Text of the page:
A promise well rewarded – George David’s 2011 promise to do the Round Ireland Race was amply rewarded in 2016 when Rambler 88 - seen here at Wicklow Head shortly after the start – went on to win every which way. Photo: WSCA promise well rewarded – George David’s 2011 promise to do the Round Ireland Race was amply rewarded in 2016 when Rambler 88 - seen here at Wicklow Head shortly after the start – went on to win every which way. Photo: WSC

Going further down the list, Entry Number 4 has special interest, as seasoned Wexford campaigner Keith Miller of Kilmore Quay has moved on from his Yamaha 36 cruiser-racer Andante to the more race-oriented Prime Suspect, a Mills 36 of 1999 vintage whose design was created just up the road from Wicklow in Mark Mills’ high tech naval architectural studio.

The rapidly-growing and very developmental Class40 has made the Round Ireland one of its highlight events, and already one of the latest designs is into the fray with Italian skipper Andrea Fornaro’s latest VPLP boat, Influence – there are links here to Round Ireland Two-Handed record holder Pam Lee of Greystones, who rounded out her 2021 season in Europe by winning the two-handed Round Italy Race as co-skipper with Fornaro on a Figaro 3.

Coming home? The Mills 36 Prime Suspect, newly-acquired by Keith Miller of Wexford, was designed in County Wicklow by Mark Mills.Coming home? The Mills 36 Prime Suspect, newly-acquired by Keith Miller of Wexford, was designed in County Wicklow by Mark Mills

Thus at mid-March, we’re already looking at the makings of a healthy lineup on June 18th, with 2012 line honours winner Green Dragon (Enda O Coineen & Conor Ferguson) coming back for more, and interest being heightened by the fact that there’s a classy Volvo car up for grabs.

Back in the day when Volvo sponsored the race, they put up a new car as a prize for the best performer over three consecutive races. It should have been done and dusted in 2020, but now we’re seeing it spread over eight years, so it will be intriguing to see what successful veterans are tempted out of the woodwork for a nice set of new electric-powered wheels.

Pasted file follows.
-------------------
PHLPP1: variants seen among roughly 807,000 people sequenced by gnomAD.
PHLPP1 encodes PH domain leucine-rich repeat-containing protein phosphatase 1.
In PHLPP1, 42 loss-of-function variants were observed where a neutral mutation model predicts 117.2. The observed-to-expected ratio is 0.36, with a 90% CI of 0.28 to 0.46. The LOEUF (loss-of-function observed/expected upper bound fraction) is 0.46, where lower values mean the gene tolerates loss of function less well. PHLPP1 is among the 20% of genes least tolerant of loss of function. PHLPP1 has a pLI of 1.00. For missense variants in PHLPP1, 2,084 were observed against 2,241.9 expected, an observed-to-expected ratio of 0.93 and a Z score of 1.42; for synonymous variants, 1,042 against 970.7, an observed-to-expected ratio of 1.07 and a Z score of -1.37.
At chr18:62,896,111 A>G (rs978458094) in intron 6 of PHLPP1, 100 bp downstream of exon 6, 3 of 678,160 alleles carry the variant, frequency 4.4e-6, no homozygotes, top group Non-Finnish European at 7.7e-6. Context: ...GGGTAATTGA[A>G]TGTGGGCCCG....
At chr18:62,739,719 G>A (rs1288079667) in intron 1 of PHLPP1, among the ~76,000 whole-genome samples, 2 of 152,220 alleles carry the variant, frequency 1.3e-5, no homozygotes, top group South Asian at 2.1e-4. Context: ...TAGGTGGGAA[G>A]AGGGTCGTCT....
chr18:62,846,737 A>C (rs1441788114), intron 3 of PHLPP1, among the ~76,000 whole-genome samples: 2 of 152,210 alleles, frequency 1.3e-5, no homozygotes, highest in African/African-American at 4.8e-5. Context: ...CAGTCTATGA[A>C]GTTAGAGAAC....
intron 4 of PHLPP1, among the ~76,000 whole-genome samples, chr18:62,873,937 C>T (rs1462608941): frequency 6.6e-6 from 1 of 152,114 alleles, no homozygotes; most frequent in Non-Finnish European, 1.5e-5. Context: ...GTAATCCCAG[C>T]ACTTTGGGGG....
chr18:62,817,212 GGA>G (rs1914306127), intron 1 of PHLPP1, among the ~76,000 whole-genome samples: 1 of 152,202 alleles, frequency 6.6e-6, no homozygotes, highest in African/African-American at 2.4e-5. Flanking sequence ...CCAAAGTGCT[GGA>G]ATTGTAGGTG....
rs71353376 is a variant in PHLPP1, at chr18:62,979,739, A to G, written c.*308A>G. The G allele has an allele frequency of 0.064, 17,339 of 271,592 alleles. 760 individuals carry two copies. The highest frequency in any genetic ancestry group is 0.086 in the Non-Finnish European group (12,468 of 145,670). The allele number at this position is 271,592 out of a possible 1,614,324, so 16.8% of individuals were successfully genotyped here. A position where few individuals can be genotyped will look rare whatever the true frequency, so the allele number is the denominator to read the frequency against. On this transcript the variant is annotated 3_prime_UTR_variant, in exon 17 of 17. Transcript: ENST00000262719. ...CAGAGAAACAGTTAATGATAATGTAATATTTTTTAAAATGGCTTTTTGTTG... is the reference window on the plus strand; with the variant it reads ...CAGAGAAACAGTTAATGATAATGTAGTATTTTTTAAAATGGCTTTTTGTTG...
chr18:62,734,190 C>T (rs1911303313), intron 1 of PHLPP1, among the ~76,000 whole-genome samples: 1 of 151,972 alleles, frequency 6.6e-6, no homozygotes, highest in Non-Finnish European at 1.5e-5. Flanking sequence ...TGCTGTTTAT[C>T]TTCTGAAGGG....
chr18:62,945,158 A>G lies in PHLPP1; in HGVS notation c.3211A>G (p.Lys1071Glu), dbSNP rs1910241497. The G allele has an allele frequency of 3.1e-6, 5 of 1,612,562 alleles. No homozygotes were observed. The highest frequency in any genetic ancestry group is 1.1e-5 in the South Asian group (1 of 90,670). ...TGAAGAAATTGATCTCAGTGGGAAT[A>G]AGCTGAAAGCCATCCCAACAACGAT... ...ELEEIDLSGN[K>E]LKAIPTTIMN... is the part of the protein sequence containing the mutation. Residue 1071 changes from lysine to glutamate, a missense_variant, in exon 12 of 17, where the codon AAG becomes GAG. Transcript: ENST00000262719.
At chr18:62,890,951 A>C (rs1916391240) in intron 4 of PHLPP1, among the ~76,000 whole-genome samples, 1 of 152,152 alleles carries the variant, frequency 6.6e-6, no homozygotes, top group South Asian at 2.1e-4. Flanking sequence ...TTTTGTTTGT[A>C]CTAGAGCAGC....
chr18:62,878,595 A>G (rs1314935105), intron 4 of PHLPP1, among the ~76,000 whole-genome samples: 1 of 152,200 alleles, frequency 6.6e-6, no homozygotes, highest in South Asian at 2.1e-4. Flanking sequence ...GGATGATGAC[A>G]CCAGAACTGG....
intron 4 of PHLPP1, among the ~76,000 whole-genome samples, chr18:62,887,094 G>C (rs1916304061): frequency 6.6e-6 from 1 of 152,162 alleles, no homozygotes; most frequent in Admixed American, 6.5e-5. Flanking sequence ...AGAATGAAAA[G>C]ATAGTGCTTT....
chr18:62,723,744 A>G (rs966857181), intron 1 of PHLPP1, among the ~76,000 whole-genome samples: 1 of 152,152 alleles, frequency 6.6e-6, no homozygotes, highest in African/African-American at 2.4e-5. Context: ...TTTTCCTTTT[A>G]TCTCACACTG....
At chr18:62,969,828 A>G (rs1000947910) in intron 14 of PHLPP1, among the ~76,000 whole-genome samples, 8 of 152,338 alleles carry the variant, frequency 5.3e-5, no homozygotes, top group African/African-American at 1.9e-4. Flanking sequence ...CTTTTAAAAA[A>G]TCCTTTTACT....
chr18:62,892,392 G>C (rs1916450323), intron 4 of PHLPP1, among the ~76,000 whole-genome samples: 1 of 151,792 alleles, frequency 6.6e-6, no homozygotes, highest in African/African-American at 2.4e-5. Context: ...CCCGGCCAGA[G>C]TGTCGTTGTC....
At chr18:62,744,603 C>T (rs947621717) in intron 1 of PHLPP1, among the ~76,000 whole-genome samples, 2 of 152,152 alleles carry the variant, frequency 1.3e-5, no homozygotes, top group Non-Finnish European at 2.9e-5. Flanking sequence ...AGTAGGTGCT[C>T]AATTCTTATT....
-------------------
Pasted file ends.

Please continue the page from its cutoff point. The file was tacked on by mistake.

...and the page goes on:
Meanwhile, we conclude with the notion that the first round Ireland race – a one boat event – may indeed have started on March 17th. For in his voyaging with the Ark, Noah sailed round a tiny island which he deduced to be the peak of Carrantuohill, the only part of Ireland still above water.

Thus in rounding it before heading back east, he sailed round Ireland. And he knew it was Carrantuohill because there was a Kerry man on top of it. Upon the captain of the Ark complaining of the awfulness of the endless rain, the peak-top man proved his Kerry credentials by robustly responding:

“ Rain? ’Tis only a shower”

Published in W M Nixon, Round Ireland
WM Nixon

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WM Nixon

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William M Nixon has been writing about sailing in Ireland for many years in print and online, and his work has appeared internationally in magazines and books. His own experience ranges from club sailing to international offshore events, and he has cruised extensively under sail, often in his own boats which have ranged in size from an 11ft dinghy to a 35ft cruiser-racer. He has also been involved in the administration of several sailing organisations.

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William M Nixon has been writing about sailing in Ireland and internationally for many years, with his work appearing in leading sailing publications on both sides of the Atlantic. He has been a regular sailing columnist for four decades with national newspapers in Dublin, and has had several sailing books published in Ireland, the UK, and the US. An active sailor, he has owned a number of boats ranging from a Mirror dinghy to a Contessa 35 cruiser-racer, and has been directly involved in building and campaigning two offshore racers. His cruising experience ranges from Iceland to Spain as well as the Caribbean and the Mediterranean, and he has raced three times in both the Fastnet and Round Ireland Races, in addition to sailing on two round Ireland records. A member for ten years of the Council of the Irish Yachting Association (now the Irish Sailing Association), he has been writing for, and at times editing, Ireland's national sailing magazine since its earliest version more than forty years ago